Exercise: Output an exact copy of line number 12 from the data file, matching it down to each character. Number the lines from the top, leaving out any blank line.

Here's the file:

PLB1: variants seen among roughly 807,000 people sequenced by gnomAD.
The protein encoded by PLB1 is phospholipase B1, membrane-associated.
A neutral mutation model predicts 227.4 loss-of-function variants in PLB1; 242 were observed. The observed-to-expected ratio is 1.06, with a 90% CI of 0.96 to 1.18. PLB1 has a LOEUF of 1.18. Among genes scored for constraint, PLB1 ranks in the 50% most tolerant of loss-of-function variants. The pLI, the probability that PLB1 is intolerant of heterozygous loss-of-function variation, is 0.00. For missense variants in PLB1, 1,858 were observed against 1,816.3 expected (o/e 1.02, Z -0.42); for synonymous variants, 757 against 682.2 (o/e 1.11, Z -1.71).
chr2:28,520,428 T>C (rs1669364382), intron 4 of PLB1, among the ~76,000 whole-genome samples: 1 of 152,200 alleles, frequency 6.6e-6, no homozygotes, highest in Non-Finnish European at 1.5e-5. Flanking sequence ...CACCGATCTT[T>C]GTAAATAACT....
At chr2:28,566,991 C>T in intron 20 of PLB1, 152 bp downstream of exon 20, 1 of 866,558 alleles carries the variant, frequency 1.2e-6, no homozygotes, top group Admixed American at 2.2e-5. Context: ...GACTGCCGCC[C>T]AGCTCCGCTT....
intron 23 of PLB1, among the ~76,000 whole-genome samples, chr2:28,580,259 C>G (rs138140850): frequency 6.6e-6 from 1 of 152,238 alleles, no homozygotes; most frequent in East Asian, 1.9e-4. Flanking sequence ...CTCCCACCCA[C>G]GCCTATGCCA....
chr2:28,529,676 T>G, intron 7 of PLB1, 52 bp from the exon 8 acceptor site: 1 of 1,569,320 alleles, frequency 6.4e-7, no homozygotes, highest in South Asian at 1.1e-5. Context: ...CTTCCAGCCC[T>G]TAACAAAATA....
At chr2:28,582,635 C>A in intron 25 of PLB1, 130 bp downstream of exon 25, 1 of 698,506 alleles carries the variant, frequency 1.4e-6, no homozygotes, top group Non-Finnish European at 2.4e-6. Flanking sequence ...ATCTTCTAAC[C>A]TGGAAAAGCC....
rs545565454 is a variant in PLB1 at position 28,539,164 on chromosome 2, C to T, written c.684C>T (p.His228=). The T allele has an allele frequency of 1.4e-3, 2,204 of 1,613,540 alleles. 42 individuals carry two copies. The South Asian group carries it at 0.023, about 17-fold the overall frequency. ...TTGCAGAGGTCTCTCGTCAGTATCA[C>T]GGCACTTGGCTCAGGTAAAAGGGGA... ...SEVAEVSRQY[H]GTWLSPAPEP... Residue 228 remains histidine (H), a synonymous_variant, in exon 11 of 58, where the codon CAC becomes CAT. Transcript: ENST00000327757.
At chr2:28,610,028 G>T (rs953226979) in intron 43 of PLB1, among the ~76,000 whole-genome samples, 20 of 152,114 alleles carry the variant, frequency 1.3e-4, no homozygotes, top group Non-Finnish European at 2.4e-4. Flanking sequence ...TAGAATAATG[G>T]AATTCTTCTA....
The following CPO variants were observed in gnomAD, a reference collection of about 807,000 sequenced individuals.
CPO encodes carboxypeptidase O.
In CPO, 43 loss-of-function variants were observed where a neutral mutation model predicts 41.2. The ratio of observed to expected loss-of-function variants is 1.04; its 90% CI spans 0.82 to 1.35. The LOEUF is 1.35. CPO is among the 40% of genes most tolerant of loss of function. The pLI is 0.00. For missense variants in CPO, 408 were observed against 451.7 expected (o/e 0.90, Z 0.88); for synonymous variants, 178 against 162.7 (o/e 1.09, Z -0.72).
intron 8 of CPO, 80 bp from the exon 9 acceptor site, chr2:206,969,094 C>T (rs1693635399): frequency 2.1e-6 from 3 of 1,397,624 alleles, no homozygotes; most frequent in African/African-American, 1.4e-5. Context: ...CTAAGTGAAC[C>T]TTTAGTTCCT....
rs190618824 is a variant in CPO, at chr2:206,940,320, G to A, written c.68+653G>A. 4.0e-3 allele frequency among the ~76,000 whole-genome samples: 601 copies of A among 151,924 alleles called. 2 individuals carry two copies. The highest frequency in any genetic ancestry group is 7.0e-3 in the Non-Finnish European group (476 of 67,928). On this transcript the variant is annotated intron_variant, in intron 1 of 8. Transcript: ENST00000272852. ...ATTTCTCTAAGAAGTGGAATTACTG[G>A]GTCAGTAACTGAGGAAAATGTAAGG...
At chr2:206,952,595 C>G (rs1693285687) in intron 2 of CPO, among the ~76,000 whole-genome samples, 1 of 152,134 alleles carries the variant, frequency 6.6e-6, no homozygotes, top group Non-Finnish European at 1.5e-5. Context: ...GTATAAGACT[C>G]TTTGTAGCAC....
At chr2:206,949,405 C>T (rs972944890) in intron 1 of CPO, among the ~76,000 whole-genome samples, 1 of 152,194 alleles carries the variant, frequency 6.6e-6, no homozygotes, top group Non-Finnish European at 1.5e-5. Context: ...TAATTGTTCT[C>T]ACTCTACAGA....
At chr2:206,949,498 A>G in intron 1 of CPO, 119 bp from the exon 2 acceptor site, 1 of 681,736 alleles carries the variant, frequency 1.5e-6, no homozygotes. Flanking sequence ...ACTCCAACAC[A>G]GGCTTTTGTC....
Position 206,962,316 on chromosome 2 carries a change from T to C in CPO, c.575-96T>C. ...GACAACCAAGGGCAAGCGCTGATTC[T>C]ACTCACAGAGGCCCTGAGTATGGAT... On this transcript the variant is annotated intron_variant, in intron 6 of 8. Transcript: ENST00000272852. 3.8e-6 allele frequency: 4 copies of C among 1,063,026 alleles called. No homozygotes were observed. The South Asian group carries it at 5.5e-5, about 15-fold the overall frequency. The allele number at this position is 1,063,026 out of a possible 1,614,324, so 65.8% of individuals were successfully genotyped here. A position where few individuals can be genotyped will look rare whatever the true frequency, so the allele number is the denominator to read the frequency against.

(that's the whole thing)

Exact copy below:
CPO encodes carboxypeptidase O.